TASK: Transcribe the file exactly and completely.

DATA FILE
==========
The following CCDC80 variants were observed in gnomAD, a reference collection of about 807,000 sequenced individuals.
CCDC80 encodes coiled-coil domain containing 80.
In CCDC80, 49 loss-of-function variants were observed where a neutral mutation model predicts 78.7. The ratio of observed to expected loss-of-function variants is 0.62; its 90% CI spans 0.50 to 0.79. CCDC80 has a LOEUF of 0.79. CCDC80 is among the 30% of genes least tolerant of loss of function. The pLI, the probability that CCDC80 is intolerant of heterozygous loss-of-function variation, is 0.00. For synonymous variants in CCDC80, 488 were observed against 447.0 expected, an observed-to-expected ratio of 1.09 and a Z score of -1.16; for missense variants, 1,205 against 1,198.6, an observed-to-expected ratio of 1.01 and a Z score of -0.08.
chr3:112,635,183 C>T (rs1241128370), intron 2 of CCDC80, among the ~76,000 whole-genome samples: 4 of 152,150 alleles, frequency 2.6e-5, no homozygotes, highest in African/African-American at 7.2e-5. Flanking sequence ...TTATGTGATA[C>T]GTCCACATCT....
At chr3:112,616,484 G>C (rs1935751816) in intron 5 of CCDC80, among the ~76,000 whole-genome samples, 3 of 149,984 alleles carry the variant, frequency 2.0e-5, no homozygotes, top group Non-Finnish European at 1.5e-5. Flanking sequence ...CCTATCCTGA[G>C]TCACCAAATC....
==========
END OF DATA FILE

The following CCDC80 variants were observed in gnomAD, a reference collection of about 807,000 sequenced individuals.
CCDC80 encodes coiled-coil domain containing 80.
In CCDC80, 49 loss-of-function variants were observed where a neutral mutation model predicts 78.7. The ratio of observed to expected loss-of-function variants is 0.62; its 90% CI spans 0.50 to 0.79. CCDC80 has a LOEUF of 0.79. CCDC80 is among the 30% of genes least tolerant of loss of function. The pLI, the probability that CCDC80 is intolerant of heterozygous loss-of-function variation, is 0.00. For synonymous variants in CCDC80, 488 were observed against 447.0 expected, an observed-to-expected ratio of 1.09 and a Z score of -1.16; for missense variants, 1,205 against 1,198.6, an observed-to-expected ratio of 1.01 and a Z score of -0.08.
chr3:112,635,183 C>T (rs1241128370), intron 2 of CCDC80, among the ~76,000 whole-genome samples: 4 of 152,150 alleles, frequency 2.6e-5, no homozygotes, highest in African/African-American at 7.2e-5. Flanking sequence ...TTATGTGATA[C>T]GTCCACATCT....
At chr3:112,616,484 G>C (rs1935751816) in intron 5 of CCDC80, among the ~76,000 whole-genome samples, 3 of 149,984 alleles carry the variant, frequency 2.0e-5, no homozygotes, top group Non-Finnish European at 1.5e-5. Flanking sequence ...CCTATCCTGA[G>C]TCACCAAATC....